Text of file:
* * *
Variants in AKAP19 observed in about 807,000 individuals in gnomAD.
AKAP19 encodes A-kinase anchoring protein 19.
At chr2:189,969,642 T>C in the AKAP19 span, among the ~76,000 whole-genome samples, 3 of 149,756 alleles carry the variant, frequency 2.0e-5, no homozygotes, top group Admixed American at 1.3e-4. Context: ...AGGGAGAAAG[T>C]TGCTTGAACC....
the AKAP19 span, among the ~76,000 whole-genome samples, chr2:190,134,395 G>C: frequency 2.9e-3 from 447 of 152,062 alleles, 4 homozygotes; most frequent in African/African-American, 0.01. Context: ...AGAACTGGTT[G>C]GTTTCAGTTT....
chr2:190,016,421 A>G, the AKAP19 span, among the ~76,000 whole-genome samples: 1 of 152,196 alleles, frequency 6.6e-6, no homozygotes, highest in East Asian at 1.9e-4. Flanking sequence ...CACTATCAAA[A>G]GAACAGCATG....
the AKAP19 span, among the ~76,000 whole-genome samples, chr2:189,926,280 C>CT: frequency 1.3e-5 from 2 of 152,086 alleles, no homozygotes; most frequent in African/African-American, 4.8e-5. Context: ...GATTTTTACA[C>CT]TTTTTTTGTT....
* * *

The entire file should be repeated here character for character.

Variants in AKAP19 observed in about 807,000 individuals in gnomAD.
AKAP19 encodes A-kinase anchoring protein 19.
At chr2:189,969,642 T>C in the AKAP19 span, among the ~76,000 whole-genome samples, 3 of 149,756 alleles carry the variant, frequency 2.0e-5, no homozygotes, top group Admixed American at 1.3e-4. Context: ...AGGGAGAAAG[T>C]TGCTTGAACC....
the AKAP19 span, among the ~76,000 whole-genome samples, chr2:190,134,395 G>C: frequency 2.9e-3 from 447 of 152,062 alleles, 4 homozygotes; most frequent in African/African-American, 0.01. Context: ...AGAACTGGTT[G>C]GTTTCAGTTT....
chr2:190,016,421 A>G, the AKAP19 span, among the ~76,000 whole-genome samples: 1 of 152,196 alleles, frequency 6.6e-6, no homozygotes, highest in East Asian at 1.9e-4. Flanking sequence ...CACTATCAAA[A>G]GAACAGCATG....
the AKAP19 span, among the ~76,000 whole-genome samples, chr2:189,926,280 C>CT: frequency 1.3e-5 from 2 of 152,086 alleles, no homozygotes; most frequent in African/African-American, 4.8e-5. Context: ...GATTTTTACA[C>CT]TTTTTTTGTT....